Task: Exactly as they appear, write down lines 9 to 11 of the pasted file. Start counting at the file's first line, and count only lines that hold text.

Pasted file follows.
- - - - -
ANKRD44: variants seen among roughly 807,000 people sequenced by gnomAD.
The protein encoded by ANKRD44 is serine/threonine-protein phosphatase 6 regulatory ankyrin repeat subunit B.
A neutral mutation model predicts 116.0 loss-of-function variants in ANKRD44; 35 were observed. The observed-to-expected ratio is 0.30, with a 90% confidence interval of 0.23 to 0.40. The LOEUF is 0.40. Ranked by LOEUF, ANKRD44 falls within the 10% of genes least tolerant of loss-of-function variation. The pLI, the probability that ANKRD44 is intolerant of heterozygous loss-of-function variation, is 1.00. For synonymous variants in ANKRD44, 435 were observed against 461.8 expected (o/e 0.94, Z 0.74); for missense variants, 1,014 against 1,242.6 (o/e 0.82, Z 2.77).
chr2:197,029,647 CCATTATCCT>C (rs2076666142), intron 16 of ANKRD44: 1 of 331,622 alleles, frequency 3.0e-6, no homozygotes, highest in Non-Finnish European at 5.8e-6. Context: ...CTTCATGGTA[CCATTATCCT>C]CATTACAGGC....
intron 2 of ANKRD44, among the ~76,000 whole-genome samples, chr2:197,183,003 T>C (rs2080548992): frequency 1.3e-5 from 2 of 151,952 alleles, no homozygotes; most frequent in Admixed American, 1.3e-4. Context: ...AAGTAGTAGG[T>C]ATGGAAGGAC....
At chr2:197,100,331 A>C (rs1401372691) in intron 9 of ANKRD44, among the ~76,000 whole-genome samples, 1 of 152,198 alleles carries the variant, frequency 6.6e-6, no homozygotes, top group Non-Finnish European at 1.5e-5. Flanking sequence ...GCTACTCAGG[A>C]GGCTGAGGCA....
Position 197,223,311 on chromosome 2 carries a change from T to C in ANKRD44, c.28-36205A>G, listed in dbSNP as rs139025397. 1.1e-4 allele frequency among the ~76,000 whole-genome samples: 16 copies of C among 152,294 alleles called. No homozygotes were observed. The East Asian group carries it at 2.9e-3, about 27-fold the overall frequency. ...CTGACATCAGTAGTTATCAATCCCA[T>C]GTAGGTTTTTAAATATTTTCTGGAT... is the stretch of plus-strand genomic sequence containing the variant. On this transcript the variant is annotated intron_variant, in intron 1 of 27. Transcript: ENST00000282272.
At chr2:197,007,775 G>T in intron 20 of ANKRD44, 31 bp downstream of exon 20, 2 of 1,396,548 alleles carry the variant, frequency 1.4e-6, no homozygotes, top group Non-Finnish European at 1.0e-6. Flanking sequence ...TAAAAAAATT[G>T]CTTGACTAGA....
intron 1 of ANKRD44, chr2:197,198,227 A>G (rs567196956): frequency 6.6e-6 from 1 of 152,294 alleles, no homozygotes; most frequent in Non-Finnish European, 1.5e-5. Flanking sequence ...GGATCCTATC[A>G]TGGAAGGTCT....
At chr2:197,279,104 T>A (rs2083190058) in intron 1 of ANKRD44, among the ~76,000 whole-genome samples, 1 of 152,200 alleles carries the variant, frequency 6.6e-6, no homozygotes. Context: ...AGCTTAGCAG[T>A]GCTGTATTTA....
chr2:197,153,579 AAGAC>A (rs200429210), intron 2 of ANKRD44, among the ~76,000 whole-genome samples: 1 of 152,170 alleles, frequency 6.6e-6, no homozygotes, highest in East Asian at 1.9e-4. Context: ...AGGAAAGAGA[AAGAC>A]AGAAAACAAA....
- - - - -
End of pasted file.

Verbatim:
intron 1 of ANKRD44, chr2:197,198,227 A>G (rs567196956): frequency 6.6e-6 from 1 of 152,294 alleles, no homozygotes; most frequent in Non-Finnish European, 1.5e-5. Flanking sequence ...GGATCCTATC[A>G]TGGAAGGTCT....
At chr2:197,279,104 T>A (rs2083190058) in intron 1 of ANKRD44, among the ~76,000 whole-genome samples, 1 of 152,200 alleles carries the variant, frequency 6.6e-6, no homozygotes. Context: ...AGCTTAGCAG[T>A]GCTGTATTTA....
chr2:197,153,579 AAGAC>A (rs200429210), intron 2 of ANKRD44, among the ~76,000 whole-genome samples: 1 of 152,170 alleles, frequency 6.6e-6, no homozygotes, highest in East Asian at 1.9e-4. Context: ...AGGAAAGAGA[AAGAC>A]AGAAAACAAA....